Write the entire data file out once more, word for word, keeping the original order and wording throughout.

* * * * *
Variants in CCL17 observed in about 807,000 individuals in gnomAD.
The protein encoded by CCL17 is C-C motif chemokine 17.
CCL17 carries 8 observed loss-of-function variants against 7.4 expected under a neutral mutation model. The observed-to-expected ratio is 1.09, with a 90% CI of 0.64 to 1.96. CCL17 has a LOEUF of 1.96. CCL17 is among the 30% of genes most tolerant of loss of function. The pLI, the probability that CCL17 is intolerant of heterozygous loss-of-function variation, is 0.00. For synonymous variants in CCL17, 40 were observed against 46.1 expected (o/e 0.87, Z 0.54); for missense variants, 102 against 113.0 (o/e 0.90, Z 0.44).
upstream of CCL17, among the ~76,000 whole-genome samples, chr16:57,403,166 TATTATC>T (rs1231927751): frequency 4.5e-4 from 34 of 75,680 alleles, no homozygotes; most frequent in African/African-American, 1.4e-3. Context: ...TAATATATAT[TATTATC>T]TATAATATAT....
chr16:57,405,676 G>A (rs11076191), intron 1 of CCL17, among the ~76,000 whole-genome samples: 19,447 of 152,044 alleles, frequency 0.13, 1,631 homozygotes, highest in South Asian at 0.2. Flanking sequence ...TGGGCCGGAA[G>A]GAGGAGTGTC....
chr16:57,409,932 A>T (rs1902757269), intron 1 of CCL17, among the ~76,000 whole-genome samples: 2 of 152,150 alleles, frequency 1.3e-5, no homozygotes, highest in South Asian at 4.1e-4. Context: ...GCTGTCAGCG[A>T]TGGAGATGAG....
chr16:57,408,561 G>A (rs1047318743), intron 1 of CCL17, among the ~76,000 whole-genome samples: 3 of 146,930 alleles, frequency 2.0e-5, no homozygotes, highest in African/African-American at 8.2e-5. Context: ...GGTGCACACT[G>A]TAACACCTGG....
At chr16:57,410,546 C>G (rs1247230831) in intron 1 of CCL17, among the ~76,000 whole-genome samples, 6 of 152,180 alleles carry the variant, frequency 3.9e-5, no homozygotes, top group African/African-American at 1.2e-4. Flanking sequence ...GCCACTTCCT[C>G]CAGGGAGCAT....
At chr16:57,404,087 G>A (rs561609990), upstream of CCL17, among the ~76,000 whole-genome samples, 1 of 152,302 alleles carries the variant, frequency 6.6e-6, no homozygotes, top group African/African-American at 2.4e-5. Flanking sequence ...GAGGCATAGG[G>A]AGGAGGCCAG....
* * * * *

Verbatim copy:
Variants in CCL17 observed in about 807,000 individuals in gnomAD.
The protein encoded by CCL17 is C-C motif chemokine 17.
CCL17 carries 8 observed loss-of-function variants against 7.4 expected under a neutral mutation model. The observed-to-expected ratio is 1.09, with a 90% CI of 0.64 to 1.96. CCL17 has a LOEUF of 1.96. CCL17 is among the 30% of genes most tolerant of loss of function. The pLI, the probability that CCL17 is intolerant of heterozygous loss-of-function variation, is 0.00. For synonymous variants in CCL17, 40 were observed against 46.1 expected (o/e 0.87, Z 0.54); for missense variants, 102 against 113.0 (o/e 0.90, Z 0.44).
upstream of CCL17, among the ~76,000 whole-genome samples, chr16:57,403,166 TATTATC>T (rs1231927751): frequency 4.5e-4 from 34 of 75,680 alleles, no homozygotes; most frequent in African/African-American, 1.4e-3. Context: ...TAATATATAT[TATTATC>T]TATAATATAT....
chr16:57,405,676 G>A (rs11076191), intron 1 of CCL17, among the ~76,000 whole-genome samples: 19,447 of 152,044 alleles, frequency 0.13, 1,631 homozygotes, highest in South Asian at 0.2. Flanking sequence ...TGGGCCGGAA[G>A]GAGGAGTGTC....
chr16:57,409,932 A>T (rs1902757269), intron 1 of CCL17, among the ~76,000 whole-genome samples: 2 of 152,150 alleles, frequency 1.3e-5, no homozygotes, highest in South Asian at 4.1e-4. Context: ...GCTGTCAGCG[A>T]TGGAGATGAG....
chr16:57,408,561 G>A (rs1047318743), intron 1 of CCL17, among the ~76,000 whole-genome samples: 3 of 146,930 alleles, frequency 2.0e-5, no homozygotes, highest in African/African-American at 8.2e-5. Context: ...GGTGCACACT[G>A]TAACACCTGG....
At chr16:57,410,546 C>G (rs1247230831) in intron 1 of CCL17, among the ~76,000 whole-genome samples, 6 of 152,180 alleles carry the variant, frequency 3.9e-5, no homozygotes, top group African/African-American at 1.2e-4. Flanking sequence ...GCCACTTCCT[C>G]CAGGGAGCAT....
At chr16:57,404,087 G>A (rs561609990), upstream of CCL17, among the ~76,000 whole-genome samples, 1 of 152,302 alleles carries the variant, frequency 6.6e-6, no homozygotes, top group African/African-American at 2.4e-5. Flanking sequence ...GAGGCATAGG[G>A]AGGAGGCCAG....